Restitution of art works in FranceDate: 11 February 2022 Tags: Miscellaneous
The National Assembly of France has adopted a bill unanimously to return precious art work back to their rightful owners.
Jewish citizens, during the peak of World War II, were deprived of these artifacts either due to financial duress or forcefully looted by the Nazis.
The government will return the confiscated and stolen assets to people in their countries of origin after the bill becomes a law.
The art works are currently spread across different locations in the country including the Louvre and Musée d’Orsay in Paris.
During the peak of Nazi occupation, approximately 1 lakh artworks were looted in France during the war.
Twelve out of 15 artworks included in the Bill are part of the Armand Dorville Collection. He was a Jewish lawyer who had to flee Paris after Nazi occupation.
Art works include Marc Chagall’s Le Père and Austrian master Gustav Klimt’s oil painting Roses Under the Trees.
The French Culture Ministry is making efforts to identify works seized from Jews by the Nazis that are in its institutions.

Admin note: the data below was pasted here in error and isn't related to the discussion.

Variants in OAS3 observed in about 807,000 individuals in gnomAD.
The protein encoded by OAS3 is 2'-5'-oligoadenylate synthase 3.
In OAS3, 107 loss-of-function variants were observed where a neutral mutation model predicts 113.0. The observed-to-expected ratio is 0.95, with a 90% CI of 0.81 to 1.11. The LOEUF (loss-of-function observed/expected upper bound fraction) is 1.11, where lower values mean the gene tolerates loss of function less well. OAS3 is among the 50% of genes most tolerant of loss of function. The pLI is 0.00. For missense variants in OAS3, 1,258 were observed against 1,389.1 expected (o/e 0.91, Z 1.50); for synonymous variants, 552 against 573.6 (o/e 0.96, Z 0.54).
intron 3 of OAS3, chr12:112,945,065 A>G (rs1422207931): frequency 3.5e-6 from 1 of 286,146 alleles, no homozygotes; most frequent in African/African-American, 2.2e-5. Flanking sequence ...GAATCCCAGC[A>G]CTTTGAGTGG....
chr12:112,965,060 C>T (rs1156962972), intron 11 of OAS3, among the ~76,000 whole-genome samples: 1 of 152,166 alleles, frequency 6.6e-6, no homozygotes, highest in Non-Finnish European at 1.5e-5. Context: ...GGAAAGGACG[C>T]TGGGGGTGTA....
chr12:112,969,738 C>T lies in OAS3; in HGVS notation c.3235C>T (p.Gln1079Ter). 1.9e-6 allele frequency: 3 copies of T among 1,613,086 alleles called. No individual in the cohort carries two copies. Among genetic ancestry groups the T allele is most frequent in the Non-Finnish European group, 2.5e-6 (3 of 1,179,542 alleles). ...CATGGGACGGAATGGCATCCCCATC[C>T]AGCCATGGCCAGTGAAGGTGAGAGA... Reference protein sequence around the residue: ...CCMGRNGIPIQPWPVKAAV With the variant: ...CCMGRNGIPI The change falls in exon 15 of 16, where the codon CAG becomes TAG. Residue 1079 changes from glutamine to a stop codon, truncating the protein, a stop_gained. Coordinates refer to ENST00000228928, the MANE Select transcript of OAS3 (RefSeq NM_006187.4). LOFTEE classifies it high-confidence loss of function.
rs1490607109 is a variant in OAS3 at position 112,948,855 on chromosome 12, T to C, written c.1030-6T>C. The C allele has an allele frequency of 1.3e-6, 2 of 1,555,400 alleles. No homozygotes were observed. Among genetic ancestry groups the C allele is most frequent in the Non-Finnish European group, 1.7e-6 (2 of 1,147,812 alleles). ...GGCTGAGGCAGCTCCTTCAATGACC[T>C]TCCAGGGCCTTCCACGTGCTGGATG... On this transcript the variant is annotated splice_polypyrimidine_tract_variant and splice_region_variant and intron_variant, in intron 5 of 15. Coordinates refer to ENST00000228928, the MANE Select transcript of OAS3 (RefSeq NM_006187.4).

The government in 2013 had returned works by Alessandro Longhi, Sebastiano Ricci and Gaspare Diziani to their rightful owners.
Works of Georges Michel, Paul Delaroche, Auguste Hesse, and Jules-Jacques Veyrassat would also be returned to their rightful owners.
French President had carried out talks with President of Benin for the return of 26 artworks taken from the Royal Palaces of Abomey in 1892.
Restitution is an act of giving back something that has been lost or stolen. In this context, it refers to priceless art works that were stolen or forcefully taken away from rightful owners by the Nazis during World War II.